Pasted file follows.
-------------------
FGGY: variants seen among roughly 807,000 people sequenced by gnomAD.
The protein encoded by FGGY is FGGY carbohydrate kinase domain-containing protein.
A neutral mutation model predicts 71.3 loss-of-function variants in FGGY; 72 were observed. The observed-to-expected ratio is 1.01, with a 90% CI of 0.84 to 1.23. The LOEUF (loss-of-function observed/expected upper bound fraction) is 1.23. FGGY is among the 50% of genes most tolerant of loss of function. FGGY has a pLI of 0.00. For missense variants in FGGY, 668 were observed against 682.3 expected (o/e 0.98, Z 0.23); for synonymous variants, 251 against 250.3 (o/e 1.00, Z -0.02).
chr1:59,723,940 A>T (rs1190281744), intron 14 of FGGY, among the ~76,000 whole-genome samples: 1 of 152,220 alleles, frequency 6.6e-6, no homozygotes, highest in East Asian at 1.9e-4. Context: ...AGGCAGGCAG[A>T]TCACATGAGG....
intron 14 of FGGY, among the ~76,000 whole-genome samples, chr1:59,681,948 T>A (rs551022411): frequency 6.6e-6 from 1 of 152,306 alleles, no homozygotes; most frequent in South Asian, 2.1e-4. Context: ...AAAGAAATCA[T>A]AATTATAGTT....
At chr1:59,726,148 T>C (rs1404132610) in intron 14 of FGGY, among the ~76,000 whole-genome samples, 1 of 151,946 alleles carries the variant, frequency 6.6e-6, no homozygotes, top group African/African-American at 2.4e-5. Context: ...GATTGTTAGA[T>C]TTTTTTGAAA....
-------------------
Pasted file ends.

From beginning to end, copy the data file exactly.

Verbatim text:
FGGY: variants seen among roughly 807,000 people sequenced by gnomAD.
The protein encoded by FGGY is FGGY carbohydrate kinase domain-containing protein.
A neutral mutation model predicts 71.3 loss-of-function variants in FGGY; 72 were observed. The observed-to-expected ratio is 1.01, with a 90% CI of 0.84 to 1.23. The LOEUF (loss-of-function observed/expected upper bound fraction) is 1.23. FGGY is among the 50% of genes most tolerant of loss of function. FGGY has a pLI of 0.00. For missense variants in FGGY, 668 were observed against 682.3 expected (o/e 0.98, Z 0.23); for synonymous variants, 251 against 250.3 (o/e 1.00, Z -0.02).
chr1:59,723,940 A>T (rs1190281744), intron 14 of FGGY, among the ~76,000 whole-genome samples: 1 of 152,220 alleles, frequency 6.6e-6, no homozygotes, highest in East Asian at 1.9e-4. Context: ...AGGCAGGCAG[A>T]TCACATGAGG....
intron 14 of FGGY, among the ~76,000 whole-genome samples, chr1:59,681,948 T>A (rs551022411): frequency 6.6e-6 from 1 of 152,306 alleles, no homozygotes; most frequent in South Asian, 2.1e-4. Context: ...AAAGAAATCA[T>A]AATTATAGTT....
At chr1:59,726,148 T>C (rs1404132610) in intron 14 of FGGY, among the ~76,000 whole-genome samples, 1 of 151,946 alleles carries the variant, frequency 6.6e-6, no homozygotes, top group African/African-American at 2.4e-5. Context: ...GATTGTTAGA[T>C]TTTTTTGAAA....